- Understand what triggers your grief and prepare for those triggers (e.g., plan to take a day or two off of work, let your friends and family know you’ll need extra support, etc).
3. Seek professional grief counselling
Not everyone will need the services of a counsellor or therapist during their grieving period, but it can be very helpful for those who are really struggling. A qualified professional can help you understand the grief process and give you the tools you need to cope with your emotions.
4. Be Patient. Healing Takes Time.
Ultimately, take it easy on yourself. Healing from loss takes time, and that’s all you can do: wait and treat yourself kindly. Remember that those around you should also understand that this grieving process takes time; that way, you don’t feel needy or rushed in the stages, which can lead to unearned guilt. Allow yourself to move through all of this organically.
Never feel selfish for grieving. As mentioned, grief is your body and brain’s natural approach to healing from something incredibly painful; let them do their job for you. Then, do your job in aiding your body and brain to heal by loving yourself, getting the sleep you need, eating as well as you can, and seeking support from others around you to combat any feelings of loneliness or ruminating thoughts.
In the end, you are not alone. Everyone in the world experiences grief at some point; let us all support each other through it and let ourselves grow from it.
The Diagnostic and Statistical Manual of Mental Disorders (DSM) – DSM 5, published in 2013, includes a condition of Persistent Complex Bereavement Disorder (PCBD) codable as a “severe and persistent grief and mourning reaction” in “Other Specified Trauma- and Stressor-Related Disorder” 309.89 (F43. 8). You can find this on page 289.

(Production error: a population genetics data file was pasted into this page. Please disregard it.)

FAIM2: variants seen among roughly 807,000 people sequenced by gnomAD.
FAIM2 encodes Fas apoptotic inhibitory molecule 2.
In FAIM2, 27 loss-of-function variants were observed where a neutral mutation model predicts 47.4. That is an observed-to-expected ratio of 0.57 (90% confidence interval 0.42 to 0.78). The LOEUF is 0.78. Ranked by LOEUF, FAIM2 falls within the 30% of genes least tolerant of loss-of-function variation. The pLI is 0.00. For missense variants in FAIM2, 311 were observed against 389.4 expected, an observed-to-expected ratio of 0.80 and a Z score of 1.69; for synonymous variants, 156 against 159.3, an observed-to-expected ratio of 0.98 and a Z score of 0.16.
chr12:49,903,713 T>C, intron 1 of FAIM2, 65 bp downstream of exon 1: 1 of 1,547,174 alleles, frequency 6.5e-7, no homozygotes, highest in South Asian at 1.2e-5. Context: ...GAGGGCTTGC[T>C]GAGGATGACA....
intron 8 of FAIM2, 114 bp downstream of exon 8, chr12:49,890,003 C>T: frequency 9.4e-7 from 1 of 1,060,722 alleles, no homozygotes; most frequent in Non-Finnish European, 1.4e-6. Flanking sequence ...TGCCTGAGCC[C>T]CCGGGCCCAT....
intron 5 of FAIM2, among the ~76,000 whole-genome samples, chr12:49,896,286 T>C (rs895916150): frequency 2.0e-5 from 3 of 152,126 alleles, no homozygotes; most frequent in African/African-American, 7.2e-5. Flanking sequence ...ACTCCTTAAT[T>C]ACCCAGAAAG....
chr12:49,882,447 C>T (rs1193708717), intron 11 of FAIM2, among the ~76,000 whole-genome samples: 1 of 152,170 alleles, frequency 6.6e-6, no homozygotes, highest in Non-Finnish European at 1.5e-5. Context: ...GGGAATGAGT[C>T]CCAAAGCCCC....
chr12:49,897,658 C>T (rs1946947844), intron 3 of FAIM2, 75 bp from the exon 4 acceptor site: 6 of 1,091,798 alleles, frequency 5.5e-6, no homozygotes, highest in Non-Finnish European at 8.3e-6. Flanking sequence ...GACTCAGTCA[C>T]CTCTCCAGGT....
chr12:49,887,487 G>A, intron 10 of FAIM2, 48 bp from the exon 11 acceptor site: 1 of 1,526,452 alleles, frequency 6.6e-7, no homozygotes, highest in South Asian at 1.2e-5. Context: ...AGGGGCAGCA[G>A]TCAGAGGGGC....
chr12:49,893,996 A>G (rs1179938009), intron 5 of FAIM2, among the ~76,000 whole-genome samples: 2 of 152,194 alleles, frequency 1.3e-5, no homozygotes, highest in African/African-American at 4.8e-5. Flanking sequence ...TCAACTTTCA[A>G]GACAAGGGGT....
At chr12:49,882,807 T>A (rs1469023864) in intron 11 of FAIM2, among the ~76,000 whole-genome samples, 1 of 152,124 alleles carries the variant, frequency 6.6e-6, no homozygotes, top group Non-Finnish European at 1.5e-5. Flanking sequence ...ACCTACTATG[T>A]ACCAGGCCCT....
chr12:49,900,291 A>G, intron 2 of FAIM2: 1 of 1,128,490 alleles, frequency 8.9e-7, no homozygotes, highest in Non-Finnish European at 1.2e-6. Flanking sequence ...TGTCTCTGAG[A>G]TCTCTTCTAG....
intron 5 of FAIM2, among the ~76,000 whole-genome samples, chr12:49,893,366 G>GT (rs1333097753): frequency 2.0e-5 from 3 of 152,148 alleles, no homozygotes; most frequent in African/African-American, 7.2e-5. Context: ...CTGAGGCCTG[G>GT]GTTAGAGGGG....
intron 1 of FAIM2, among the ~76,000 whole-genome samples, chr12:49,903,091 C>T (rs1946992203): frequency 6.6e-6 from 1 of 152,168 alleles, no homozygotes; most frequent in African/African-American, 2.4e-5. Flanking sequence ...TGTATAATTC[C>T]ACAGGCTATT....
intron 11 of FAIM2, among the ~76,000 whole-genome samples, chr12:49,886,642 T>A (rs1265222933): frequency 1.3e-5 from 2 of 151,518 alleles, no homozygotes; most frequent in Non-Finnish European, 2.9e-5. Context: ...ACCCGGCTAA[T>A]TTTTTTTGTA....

Anhedonia is the inability to feel pleasure. It’s a common symptom of depression as well as other mental health disorders.
Post traumatic stress disorder (PTSD) is a psychiatric disorder that may occur in people who have experienced or witnessed a traumatic event such as a natural disaster, a serious accident, a terrorist act, war/combat, or rape or who have been threatened with death, sexual violence or serious injury. People with PTSD have intense, disturbing thoughts and feelings related to their experience that last long after the traumatic event has ended. They may relive the event through flashbacks or nightmares; they may feel sadness, fear or anger; and they may feel detached or estranged from other people. People with PTSD may avoid situations or people that remind them of the traumatic event, and they may have strong negative reactions to something as ordinary as a loud noise or an accidental touch.
Author: Tim Pratten
Principal CBT Counselling & Psychotherapy
Title: When Grief Overwhelms You